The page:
The trader turned away, rubbing a hand over his face. Scorpius darted a glance over at the market stall. She was watching it all.
Standing straighter, Scorpius realized as if for the first time that he towered over the young man. He set his face into an expression which he hoped looked grim enough, in time to meet the trader’s gaze.
There was real distress in the other man’s eyes. “I’ll give you four eighty. If you won’t take that, I can’t help you.”
Scorpius hesitated. Five hundred, his master had said. Twenty was far more than the price of the stolen bells he’d spent without permission, and look what sort of reception that had received.
But this trader was done. He had the same look of defeat that the game hens had in the clutches of the hawks. Extending his hand, Scorpius shook on the deal that soured both him and the trader. They exchanged goods for coin and parted without another word.
Trudging over to the market stall, he nearly forgot that the mere sight of the girl could mend things inside him so quickly. She turned and locked gazes with him. That was all it took.
Scorpius spent the afternoon standing beside her as she sold wares for her mother, who still wasn’t well. He wasn’t a great one for talking, but he listened as she told him all manner of things. The more she spoke, the more she giggled, and the bigger his heart seemed to swell in his chest. So strange.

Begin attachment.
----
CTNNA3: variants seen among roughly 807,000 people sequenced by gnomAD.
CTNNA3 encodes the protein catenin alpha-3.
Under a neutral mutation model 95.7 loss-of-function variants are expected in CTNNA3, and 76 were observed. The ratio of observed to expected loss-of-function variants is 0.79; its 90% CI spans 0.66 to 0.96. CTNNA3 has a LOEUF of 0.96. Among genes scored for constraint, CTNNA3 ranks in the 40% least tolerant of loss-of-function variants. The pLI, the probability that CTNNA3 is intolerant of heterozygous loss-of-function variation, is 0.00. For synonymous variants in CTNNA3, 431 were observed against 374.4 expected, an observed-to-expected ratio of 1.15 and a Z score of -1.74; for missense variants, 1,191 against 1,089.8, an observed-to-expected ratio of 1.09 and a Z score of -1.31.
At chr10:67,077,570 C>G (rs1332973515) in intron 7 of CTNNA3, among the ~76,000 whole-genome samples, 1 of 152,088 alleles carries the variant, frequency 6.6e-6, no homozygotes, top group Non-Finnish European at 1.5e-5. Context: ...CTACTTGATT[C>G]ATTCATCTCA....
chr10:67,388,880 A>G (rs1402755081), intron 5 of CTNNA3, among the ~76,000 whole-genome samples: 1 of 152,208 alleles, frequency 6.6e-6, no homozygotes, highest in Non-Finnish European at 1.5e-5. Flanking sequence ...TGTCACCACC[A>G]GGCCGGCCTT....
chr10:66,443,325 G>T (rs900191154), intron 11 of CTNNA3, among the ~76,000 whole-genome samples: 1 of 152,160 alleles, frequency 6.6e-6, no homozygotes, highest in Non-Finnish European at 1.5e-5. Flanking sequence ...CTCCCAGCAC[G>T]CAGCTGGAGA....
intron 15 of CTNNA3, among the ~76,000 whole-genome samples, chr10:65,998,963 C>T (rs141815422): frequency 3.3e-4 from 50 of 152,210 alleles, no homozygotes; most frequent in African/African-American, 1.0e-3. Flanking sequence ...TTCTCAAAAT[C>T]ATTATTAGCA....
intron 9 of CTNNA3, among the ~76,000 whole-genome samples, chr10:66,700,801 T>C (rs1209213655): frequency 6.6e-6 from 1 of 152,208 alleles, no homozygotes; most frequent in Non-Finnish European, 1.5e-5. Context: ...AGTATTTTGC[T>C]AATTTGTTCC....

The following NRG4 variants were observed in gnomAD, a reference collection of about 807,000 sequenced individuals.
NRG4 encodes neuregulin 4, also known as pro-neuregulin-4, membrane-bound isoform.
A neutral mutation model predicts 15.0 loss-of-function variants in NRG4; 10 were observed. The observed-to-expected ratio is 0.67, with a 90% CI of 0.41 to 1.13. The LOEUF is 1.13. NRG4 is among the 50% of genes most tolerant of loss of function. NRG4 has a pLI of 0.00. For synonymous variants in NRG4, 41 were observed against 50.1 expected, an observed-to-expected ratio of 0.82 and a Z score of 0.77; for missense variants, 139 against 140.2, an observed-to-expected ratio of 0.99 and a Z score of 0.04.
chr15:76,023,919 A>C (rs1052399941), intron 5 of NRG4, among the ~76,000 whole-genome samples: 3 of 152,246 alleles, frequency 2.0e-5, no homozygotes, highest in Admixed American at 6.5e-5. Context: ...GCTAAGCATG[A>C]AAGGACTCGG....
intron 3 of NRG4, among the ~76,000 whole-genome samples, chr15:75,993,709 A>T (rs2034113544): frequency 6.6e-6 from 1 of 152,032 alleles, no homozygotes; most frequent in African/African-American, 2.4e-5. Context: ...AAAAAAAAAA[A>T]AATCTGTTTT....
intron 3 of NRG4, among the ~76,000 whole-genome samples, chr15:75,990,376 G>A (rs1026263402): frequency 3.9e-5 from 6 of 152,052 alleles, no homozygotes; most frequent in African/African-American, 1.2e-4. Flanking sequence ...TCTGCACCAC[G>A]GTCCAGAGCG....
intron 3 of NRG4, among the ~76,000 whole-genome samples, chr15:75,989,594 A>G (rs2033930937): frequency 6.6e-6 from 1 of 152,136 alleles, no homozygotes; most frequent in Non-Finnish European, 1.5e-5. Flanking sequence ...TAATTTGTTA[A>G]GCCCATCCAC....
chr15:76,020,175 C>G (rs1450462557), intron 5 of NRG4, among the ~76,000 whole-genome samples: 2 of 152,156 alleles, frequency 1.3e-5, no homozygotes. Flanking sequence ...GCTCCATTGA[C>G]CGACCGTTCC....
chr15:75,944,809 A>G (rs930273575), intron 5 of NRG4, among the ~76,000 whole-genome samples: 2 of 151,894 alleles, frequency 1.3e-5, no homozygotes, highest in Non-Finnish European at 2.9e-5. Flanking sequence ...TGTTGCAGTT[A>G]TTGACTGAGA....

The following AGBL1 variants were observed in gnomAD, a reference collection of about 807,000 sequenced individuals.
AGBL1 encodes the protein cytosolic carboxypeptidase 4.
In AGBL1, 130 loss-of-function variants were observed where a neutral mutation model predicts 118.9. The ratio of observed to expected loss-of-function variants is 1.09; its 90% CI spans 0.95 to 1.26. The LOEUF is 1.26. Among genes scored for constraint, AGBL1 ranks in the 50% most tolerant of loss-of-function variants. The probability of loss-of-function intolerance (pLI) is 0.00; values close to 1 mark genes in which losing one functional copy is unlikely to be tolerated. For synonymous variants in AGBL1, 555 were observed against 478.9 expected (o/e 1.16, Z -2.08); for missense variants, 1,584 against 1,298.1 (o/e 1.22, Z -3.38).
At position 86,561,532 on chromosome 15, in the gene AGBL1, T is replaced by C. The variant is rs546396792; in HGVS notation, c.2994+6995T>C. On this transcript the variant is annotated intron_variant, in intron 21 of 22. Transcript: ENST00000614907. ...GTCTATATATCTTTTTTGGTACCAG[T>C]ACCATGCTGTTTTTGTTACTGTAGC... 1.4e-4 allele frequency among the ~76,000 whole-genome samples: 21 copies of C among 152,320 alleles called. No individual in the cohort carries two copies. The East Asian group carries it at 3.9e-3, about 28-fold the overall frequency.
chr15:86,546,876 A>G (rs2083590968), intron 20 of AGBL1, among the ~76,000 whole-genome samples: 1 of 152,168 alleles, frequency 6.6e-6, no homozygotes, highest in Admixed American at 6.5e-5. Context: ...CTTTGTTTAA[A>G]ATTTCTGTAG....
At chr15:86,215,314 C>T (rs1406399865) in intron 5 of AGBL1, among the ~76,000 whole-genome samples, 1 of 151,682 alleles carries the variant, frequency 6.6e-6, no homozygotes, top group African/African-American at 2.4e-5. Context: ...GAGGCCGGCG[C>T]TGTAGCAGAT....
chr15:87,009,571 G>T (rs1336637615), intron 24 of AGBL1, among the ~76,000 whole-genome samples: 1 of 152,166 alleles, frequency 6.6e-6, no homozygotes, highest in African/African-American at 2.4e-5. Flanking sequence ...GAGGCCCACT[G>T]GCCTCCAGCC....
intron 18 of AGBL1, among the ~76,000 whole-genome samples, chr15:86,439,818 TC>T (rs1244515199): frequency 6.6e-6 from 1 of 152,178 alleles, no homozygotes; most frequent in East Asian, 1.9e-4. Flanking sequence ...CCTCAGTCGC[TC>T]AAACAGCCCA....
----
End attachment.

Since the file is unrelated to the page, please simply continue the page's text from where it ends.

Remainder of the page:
He took a few bites of the food she’d brought with her, but only because she insisted that he had to eat something before his journey back to the cottage. Scorpius wasn’t hungry at all for anything but the moments that flew by.
Finally, it was time to pack up the market stall. He insisted on helping her, though she protested she could do it and that he should go before he had to walk in the dark. When it was clear that she would only work herself into a knot if he didn’t go on his way, Scorpius began walking toward the gates that led from the estate.
Turning, he said, “You know, I don’t think you’ve told me your name.”
She bit her lip but couldn’t prevent a delightful smile from spreading over her face. “I’m Alegreza.”